The program’s popularity speaks to an untold story: how Florida parents are demanding more learning options for their children, and how the state, school districts and other providers are obliging them.
It is a sea change, and it brings complications worthy of scrutiny. But too often what we get, instead, are op-eds with so many distortions, it’s impossible to respond in 600 words. Here are basic points I hope readers will consider when criticisms surface.
The need for options. Florida public schools are making strides, especially with low-income students, but they need help. In 2013, low-income fourth-graders in Florida were number one among all states in reading, after being among the lowest-performers in the 1990s. Public schools deserve far more credit than they get for gains like this. But being number one still means only 27 percent are proficient.
The cherry picking myth. Scholarship students are required by law to take standardized tests (though few take the FCAT), with the results analyzed by Northwestern University researcher David Figlio. Contrary to statements in a recent op-ed, Figlio found those students “tend to be among the lowest-performing students in their prior school,” a trend that is “becoming stronger over time.” In other words, if private schools are out to cherry pick, they’re doing a lousy job.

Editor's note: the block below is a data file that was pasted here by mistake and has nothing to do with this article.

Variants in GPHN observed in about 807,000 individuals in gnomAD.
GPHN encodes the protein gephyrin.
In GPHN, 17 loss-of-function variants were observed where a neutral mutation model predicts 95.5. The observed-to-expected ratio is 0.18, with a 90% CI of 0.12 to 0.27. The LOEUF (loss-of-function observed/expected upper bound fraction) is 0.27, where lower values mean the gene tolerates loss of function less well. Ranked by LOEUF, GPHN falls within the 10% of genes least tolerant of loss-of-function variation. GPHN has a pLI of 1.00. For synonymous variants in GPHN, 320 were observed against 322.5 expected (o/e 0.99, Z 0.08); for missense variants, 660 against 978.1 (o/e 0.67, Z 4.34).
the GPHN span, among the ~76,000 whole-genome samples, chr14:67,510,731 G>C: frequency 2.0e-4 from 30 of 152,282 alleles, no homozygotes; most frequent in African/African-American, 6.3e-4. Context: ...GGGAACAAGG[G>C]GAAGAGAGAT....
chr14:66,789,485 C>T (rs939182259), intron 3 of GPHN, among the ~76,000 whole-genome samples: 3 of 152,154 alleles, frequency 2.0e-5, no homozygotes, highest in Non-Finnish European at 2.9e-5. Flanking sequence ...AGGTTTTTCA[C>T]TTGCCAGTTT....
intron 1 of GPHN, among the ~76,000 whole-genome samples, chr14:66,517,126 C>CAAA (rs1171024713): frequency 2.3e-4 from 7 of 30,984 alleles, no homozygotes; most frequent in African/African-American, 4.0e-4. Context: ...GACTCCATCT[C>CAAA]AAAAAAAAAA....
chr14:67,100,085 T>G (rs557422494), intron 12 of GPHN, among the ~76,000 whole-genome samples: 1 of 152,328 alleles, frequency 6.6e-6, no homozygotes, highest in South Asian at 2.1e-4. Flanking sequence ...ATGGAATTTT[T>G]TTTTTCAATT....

Results. Figlio’s conclusion was also mangled in the op-ed. Here are his words, straight from his report: “… a cautious read of the weight of the available evidence suggests that the FTC Scholarship Program has boosted student performance in public schools statewide, that the program draws disproportionately low income, poorly-performing students from the public schools into the private schools, and that the students who moved perform as well or better once they move to the private schools.”
The draining myth. The scholarships don’t hurt public school funding. Many think they do, and in a state that ranks low in per-pupil spending, that’s a killer. But the truth is, taxpayers pay about half as much per scholarship as they do per student in public school. The scholarship is $4,880 this year; it’ll be $5,272 next year. Seven different analyses conclude the program does not drain public school funding. Not a single one concludes it does. Continue Reading →